City cyclist proposes safety measures
Dear Mayor Lee and Supervisor Yee:
I see that the Bicycle Coalition and other utopians are making full use of last week’s tragic, fatal motorist-cyclist collisions to pressure City Hall into executing their street re-engineering agenda despite the fact that nothing in that agenda could have prevented the deadly and irresponsible motorist behavior that cost two cyclists their lives, wrong-side driving and red-light running. I am writing to ask that you disregard the current political heat and soberly consider what City Hall could do that would actually make a positive difference in reducing danger to vulnerable street users.
I ride bicycles on public roads between 8-9,000 miles per year, including 3,500 miles within the city limits of San Francisco. I am also a licensed driver, car owner (who parks on the street) and a transit rider. You will see that my suggestions for making the streets safer differ from those insisted upon by the Coalition and its allies. I am not a bicycle evangelist or proselytizer; I just have a personal and civic interest in effective, just and cost-effective measures to reduce traffic danger and discourage indecent behavior while maintaining the utility of streets for all users.
1) DATA: Instead of basing streetscape modifications on evangelical faith and misleading poll results, I ask that the SFMTA and the SFPD commit to careful, detailed study not only of collisions but also of intersections with heavy bicycle and pedestrian traffic. This is likely impossible without video surveillance and interpretation. I predict that the biggest causes of casualties and terror are different in fact from what the bicycle propagandists would have us believe, but let the facts speak.
The SFPD’s and MTA’s statistics need improvement. A UC study of SF General’s emergency-room records showed conclusively that the SFPD’s bicycle casualty statistics are severely under-counted and that half of all cyclist casualties are from solo falls, not traffic. For some reason this study has been held in disregard by the MTA and we have seen no improvements in published statistics.
SFPD Commander Ali did the public a great service when he published a detailed analysis of street fatalities from 2013 and 2014, showing that a substantial majority were caused by severely negligent traffic behavior. His reward: relegation to SFO "Siberia" duty. Please stop disregarding and discouraging the facts and their publication and start seeking and welcoming them.
The New York Times on the UC study: How Safe Is Cycling? It’s Hard to Say
SF Chronicle: S.F. traffic fatalities dip, but not bad behavior
SF Examiner: Top SF cop on pedestrian safety transfers to SFO
2) FOCUS ON INTERSECTIONS: The Coalition and its allies are obsessed with segregated bike lanes that make no positive difference in the most dangerous spaces: intersections. Ironically, this is where the simplest, most car-friendly and least-expensive treatments can reduce danger the most: dedicated right-turn zones to the right of the bike lanes.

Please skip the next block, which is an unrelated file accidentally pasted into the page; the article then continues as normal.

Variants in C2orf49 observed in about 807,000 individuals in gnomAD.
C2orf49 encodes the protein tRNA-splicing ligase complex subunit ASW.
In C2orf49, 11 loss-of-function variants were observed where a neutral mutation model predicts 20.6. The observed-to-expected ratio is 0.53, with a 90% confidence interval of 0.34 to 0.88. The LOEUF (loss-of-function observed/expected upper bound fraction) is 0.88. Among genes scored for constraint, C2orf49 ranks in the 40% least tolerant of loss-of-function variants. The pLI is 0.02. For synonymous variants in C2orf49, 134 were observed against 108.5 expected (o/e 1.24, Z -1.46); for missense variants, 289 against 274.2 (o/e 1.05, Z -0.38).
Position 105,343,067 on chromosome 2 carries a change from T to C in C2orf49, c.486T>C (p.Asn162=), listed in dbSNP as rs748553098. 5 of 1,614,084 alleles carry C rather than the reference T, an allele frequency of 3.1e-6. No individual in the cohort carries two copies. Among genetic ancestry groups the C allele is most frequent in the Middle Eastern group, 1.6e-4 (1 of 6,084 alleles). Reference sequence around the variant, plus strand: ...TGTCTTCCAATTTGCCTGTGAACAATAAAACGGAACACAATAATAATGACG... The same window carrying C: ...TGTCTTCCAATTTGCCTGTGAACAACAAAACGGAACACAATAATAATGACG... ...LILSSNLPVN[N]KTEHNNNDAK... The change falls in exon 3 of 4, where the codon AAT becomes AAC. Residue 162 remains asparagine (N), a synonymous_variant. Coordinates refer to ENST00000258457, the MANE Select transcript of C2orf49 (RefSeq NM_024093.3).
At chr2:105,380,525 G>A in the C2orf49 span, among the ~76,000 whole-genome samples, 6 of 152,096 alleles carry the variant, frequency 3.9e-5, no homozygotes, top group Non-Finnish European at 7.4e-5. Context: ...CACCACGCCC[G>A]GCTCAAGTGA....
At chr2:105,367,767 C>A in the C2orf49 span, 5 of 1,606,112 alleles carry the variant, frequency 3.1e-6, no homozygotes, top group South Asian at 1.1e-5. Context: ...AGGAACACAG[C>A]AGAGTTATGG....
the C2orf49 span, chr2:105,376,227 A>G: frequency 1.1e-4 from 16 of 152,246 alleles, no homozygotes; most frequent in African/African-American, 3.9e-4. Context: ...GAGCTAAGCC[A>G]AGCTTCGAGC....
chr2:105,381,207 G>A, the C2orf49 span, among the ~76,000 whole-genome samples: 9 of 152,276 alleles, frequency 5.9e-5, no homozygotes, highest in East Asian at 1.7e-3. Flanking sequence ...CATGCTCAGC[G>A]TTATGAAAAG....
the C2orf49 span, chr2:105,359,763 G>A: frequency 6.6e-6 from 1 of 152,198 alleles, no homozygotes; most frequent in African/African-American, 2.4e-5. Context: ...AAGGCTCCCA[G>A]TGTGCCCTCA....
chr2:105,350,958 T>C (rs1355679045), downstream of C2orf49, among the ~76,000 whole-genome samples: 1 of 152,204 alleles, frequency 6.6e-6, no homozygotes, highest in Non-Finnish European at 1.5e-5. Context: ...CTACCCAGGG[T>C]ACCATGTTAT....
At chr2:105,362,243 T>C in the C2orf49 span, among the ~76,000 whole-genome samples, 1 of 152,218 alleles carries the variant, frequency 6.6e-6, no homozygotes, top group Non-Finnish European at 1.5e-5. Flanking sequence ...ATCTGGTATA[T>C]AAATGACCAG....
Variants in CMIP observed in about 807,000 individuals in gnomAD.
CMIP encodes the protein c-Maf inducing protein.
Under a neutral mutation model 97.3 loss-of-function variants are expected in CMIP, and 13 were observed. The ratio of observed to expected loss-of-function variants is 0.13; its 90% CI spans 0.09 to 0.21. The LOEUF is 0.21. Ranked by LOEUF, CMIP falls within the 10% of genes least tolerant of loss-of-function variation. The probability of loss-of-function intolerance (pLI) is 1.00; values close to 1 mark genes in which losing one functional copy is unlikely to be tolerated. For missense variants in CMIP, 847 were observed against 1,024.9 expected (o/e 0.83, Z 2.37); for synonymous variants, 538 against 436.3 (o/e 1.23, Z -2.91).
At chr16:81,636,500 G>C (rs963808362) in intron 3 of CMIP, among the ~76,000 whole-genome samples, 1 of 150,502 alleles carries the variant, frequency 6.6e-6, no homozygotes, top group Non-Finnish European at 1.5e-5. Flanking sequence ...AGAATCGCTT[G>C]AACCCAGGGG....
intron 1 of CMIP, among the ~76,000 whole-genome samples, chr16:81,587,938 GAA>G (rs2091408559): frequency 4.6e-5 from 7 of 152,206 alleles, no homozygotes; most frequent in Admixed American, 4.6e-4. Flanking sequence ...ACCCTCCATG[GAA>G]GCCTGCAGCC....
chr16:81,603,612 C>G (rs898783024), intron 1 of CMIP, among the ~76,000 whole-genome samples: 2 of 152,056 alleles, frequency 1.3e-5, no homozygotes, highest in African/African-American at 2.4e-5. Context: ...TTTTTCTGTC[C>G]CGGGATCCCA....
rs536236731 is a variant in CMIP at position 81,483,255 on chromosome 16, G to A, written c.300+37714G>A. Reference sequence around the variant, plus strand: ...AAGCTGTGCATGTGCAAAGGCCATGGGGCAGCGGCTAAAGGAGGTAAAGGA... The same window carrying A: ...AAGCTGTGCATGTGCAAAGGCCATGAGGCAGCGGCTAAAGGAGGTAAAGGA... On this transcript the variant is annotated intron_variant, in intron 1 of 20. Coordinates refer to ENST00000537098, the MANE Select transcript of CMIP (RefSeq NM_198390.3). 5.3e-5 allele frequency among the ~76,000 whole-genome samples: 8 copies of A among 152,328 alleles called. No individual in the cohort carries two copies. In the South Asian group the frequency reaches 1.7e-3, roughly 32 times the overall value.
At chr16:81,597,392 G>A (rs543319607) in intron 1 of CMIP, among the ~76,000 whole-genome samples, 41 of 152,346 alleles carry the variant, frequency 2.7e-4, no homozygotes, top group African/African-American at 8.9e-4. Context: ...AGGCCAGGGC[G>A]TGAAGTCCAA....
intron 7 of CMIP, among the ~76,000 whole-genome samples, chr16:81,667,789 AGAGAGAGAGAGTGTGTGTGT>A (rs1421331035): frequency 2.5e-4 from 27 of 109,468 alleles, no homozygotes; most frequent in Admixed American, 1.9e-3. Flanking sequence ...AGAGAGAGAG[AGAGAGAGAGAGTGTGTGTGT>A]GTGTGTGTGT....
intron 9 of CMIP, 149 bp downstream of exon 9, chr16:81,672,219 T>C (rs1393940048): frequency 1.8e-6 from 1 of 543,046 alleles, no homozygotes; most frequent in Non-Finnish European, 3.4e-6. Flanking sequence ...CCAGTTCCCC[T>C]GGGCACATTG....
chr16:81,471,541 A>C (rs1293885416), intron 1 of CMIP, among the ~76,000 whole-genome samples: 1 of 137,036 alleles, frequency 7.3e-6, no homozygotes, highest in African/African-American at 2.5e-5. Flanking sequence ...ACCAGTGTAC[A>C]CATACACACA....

The MTA added a handful of these in recent years on Folsom and Howard Streets mid-town, considerably reducing confusion, danger and terror from motorist “right-hook” turns in front of cyclists. If only they had done it a year sooner the female cyclist, killed by a right-turning truck at Folsom and Sixth, would still be alive today. Dedicated right-turn lanes help keep motor and bicycle traffic flowing smoothly while guiding bikes and cars out of each other’s way.
3) CITIZEN ENFORCEMENT: Would City Hall like to take in some additional revenue? Then let the SFPD send moving-violation summons to the scofflaw motorists that I have video-recorded on my helmet camera. Running red lights, running cyclists out of their lanes, texting while making turns, discharging passengers into traffic, on and on. License numbers are always readable; drivers’ faces are often visible and I can cite the exact days and times.
I encourage the SFPD to establish and publicize a facility by which citizen-collected video evidence can be solicited, collected and used as evidence for moving violations. Will it prevent dangerous driving the likes of which killed two cyclists last week? No. But maybe drivers’ growing knowledge that they are under potentially costly citizen surveillance will discourage it.
4) CIVIL LIABILITY FOR HARASSMENT: Most vehicular violence cannot effectively be dealt with via the traffic court and criminal justice system. The manpower and evidence bars are too high. Cities such as Berkeley and Los Angeles have addressed this by enacting laws that enable tort lawsuits by cyclists and pedestrians who have been harassed by motorists.
I asked Supervisor Yee two years ago to sponsor such a law in San Francisco, and he has yet to take action on this despite his repeated self-promotion as a champion of street safety. Such a law does not encumber San Francisco with any additional costs or manpower requirements, so I am puzzled as to my supervisor’s reluctance to promote it to the Board.
Berkeleyside: Cyclist anti-harassment law live in Berkeley from today
Walk Oakland Bike Oakland: WOBO and Council Member Libby Schaaf Introduce Vulnerable Road Users Ordinance